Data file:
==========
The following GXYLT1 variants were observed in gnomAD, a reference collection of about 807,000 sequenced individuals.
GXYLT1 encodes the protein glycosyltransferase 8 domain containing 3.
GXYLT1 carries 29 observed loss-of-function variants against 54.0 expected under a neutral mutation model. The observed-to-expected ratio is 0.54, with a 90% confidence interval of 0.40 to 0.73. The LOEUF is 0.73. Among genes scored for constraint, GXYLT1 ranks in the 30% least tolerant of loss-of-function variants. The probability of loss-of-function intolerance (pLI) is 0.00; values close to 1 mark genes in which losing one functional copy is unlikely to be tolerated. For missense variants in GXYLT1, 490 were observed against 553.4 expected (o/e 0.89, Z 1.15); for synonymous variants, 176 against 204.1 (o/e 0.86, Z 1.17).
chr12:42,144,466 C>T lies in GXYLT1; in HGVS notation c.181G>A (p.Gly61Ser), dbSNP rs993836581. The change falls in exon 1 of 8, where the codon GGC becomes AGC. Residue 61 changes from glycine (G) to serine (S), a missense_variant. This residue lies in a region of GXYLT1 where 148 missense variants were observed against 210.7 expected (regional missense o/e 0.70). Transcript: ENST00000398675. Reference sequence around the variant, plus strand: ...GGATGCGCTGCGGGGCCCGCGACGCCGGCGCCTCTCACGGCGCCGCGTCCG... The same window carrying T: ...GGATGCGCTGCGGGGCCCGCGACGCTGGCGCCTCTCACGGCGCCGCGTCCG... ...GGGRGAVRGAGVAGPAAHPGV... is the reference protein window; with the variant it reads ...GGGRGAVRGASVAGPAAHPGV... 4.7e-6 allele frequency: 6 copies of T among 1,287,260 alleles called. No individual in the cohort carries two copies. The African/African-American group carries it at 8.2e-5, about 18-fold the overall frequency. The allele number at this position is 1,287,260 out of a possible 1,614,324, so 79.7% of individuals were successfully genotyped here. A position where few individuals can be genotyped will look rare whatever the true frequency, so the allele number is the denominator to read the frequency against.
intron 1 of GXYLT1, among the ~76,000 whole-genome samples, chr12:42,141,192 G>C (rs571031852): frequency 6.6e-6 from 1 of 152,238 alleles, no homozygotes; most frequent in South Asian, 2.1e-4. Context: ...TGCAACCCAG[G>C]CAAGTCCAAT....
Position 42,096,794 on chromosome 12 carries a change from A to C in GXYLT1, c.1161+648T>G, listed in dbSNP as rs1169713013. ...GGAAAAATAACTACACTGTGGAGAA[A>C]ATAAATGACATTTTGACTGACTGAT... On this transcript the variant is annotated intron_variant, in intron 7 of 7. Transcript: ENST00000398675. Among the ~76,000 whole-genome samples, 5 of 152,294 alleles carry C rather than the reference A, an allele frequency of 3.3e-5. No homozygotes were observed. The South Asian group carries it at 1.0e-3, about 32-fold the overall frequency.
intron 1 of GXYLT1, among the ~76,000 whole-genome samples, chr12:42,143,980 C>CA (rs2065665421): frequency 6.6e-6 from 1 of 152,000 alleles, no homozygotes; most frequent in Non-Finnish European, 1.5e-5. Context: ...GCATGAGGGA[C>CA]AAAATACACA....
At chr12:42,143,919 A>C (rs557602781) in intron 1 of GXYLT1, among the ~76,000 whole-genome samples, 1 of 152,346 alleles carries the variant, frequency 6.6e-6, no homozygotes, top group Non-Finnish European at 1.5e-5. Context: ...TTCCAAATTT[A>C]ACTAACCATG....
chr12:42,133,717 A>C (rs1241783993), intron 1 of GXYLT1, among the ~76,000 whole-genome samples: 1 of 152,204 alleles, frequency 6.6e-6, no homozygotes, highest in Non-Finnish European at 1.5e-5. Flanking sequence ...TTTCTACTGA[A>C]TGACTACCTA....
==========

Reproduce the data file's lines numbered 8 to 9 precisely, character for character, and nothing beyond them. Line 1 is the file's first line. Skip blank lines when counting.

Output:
At chr12:42,143,919 A>C (rs557602781) in intron 1 of GXYLT1, among the ~76,000 whole-genome samples, 1 of 152,346 alleles carries the variant, frequency 6.6e-6, no homozygotes, top group Non-Finnish European at 1.5e-5. Context: ...TTCCAAATTT[A>C]ACTAACCATG....
chr12:42,133,717 A>C (rs1241783993), intron 1 of GXYLT1, among the ~76,000 whole-genome samples: 1 of 152,204 alleles, frequency 6.6e-6, no homozygotes, highest in Non-Finnish European at 1.5e-5. Flanking sequence ...TTTCTACTGA[A>C]TGACTACCTA....